- Preparing to Read a Novel
- El Escape Cubano, chapters 1-5
El Escape Cubano - Chapter 6
The title of chapter 6 is "Llueve", so it's the perfect time to sing about the rain. I use the song, "La lluvia" by Los Pompillos. I distribute the lyrics to the song. There are 4 stanzas in the song and each stanza has 4 lines. Then I divide the class into 4 sections. Each section sings one line of each stanza. Group 1 sings the first line in all the stanzas; group 2 sings the second line in all the stanzas; etc.
At the end, the lyrics are "la lluvia bendita" (2x). For this groups 1 and 2 sing "la lluvia" and groups 3 and 4 sing "bendita". Everybody sings the last two words "la lluvia".
We practice before we sing by me reading a line and the group repeating. This is one of the rare times in my class that I ask students to repeat after me. The song is fast paced and I know that there is no way they will be able to sing some of the lines in unison with the members of their group and the video, but it's fun and a nice brain break. Try it!
In chapter 6, the characters dance to the song Guantamera, which you can also play for the students beforehand. I had planned to play this song as students entered the class for several days leading up to chapter 6, but I forgot to do this.
El Escape Cubano - Chapter 7
|Acting a scene from chapter 7|
(The second time I read the novel with a different group of students, I used a felt board instead of acting. See Chapter 9 for a photo.)
How much do your students know about sharks? This is a good opportunity for your students to learn about sharks in the target language. I do not have this completed yet, but it is my goal to add a comprehensible reading on Tiburones before next fall when I read this novel again with my students. First I'll make a Kahoot with several questions about sharks and then follow up with the reading.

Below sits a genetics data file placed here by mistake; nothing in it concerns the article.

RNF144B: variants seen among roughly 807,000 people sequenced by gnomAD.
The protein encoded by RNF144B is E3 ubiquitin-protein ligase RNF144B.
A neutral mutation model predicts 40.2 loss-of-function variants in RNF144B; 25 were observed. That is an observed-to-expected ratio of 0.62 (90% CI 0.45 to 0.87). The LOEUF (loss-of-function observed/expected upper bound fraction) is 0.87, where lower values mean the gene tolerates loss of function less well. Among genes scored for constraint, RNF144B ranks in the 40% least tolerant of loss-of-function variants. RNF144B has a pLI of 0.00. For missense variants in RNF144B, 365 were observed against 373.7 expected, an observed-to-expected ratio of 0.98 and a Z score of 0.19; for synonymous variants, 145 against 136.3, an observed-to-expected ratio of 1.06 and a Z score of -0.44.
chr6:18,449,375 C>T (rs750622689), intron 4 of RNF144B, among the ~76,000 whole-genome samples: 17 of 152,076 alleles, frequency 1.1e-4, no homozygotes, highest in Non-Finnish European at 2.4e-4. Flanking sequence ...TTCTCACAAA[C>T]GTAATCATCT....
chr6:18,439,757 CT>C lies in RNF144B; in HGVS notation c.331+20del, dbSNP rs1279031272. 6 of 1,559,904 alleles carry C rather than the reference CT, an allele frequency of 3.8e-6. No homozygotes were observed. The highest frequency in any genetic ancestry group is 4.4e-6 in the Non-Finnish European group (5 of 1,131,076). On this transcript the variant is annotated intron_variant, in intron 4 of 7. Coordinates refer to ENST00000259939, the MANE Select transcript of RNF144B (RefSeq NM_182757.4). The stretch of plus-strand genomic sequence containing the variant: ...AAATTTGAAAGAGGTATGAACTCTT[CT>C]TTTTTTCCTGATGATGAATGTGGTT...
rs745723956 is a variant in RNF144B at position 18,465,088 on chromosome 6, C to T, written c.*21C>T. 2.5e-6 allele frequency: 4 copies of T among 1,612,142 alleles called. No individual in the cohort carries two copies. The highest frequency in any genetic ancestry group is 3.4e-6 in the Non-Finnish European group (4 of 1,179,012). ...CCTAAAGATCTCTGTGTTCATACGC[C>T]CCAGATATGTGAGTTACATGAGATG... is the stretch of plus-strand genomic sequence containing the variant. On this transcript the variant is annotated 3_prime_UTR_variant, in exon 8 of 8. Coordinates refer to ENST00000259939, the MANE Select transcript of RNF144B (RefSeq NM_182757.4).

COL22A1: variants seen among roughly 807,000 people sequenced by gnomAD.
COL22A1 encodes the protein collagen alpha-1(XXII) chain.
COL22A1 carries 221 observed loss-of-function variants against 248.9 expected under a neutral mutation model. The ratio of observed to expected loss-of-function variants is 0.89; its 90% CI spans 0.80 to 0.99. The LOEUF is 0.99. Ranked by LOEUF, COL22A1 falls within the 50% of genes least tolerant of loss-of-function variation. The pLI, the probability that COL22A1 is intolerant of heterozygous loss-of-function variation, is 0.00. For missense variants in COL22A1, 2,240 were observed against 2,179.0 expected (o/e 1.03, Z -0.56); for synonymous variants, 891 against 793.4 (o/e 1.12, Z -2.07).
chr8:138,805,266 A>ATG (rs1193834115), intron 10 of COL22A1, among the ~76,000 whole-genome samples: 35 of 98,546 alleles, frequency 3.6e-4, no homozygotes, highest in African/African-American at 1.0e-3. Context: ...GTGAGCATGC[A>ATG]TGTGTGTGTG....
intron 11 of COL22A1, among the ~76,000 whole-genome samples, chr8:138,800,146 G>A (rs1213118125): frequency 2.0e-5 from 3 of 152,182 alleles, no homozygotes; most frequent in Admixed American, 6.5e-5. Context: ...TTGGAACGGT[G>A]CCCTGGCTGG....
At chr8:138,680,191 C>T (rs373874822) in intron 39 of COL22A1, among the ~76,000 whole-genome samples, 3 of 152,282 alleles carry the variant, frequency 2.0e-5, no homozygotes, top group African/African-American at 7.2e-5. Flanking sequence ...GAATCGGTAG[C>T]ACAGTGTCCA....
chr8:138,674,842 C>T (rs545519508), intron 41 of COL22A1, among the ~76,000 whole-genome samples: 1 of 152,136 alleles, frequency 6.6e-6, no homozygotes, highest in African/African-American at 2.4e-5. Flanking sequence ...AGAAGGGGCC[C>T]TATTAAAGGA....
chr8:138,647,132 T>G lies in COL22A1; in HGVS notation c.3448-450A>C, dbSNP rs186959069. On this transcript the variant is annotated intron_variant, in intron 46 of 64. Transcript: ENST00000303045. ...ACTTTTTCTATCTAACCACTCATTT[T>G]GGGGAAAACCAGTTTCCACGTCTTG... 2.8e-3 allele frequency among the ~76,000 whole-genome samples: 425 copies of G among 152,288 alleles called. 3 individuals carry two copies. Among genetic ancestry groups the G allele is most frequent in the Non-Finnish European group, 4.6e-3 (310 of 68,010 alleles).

In the meantime, here are two links to websites for children that students can find information about sharks.
The second link also has easy to follow directions on how to sketch a shark.
For those that have an A-Z Reading account, there is a book on Tiburones.
El Escape Cubano - Chapter 8
After reading this chapter, students chose their partner for the next activity (or groups of 3 depending on the size of your class). I also asked for a volunteer to sketch sentences from the chapter. Each group had a small marker board, a marker, and an eraser. I showed a sentence to the artist and she sketched it on the board. The students looked for the sentence in chapter 8 and wrote it down. I gave students a minute or so and then told them to lift up their marker boards. Groups with the correct sentence earned one point.
The document with the sentences and instructions can be found HERE.
The student that was my artist was very talented, so I took a photo of her sketches and uploaded them to a powerpoint. The following day I projected the sketches on the powerpoint to review chapter 8. If you don't have a student that wants to be an artist, you could use the powerpoint instead of having a student artist. Click HERE for the powerpoint.
El Escape Cubano - Chapter 9
I used to use a felt board in Spanish class on a regular basis when I was teaching the story "Cuentos de Ensalada". To mix it up a little, I cut some felt into some (very simple) shapes: the characters, (I wrote their names on the shapes to help identify them), a shark, the sun, the raft, tire innertubes, and water. As I read the chapter, a student volunteer moved the pieces of felt to correlate with what I was reading.
El Escape Cubano - Chapters 10 & 11
Students read the chapters on their own and wrote a short summary in English.
There you have it.
The only thing I didn't include was the final assessment. Please understand, the reason I gave the assessment was because I was confident that the students understood the storyline and the vocabulary, so I took that opportunity to let them show their comprehension and ability to respond to questions about the plot and characters. As expected, the results of the assessment were impressive, showing the students how successful they had been in reading the novel.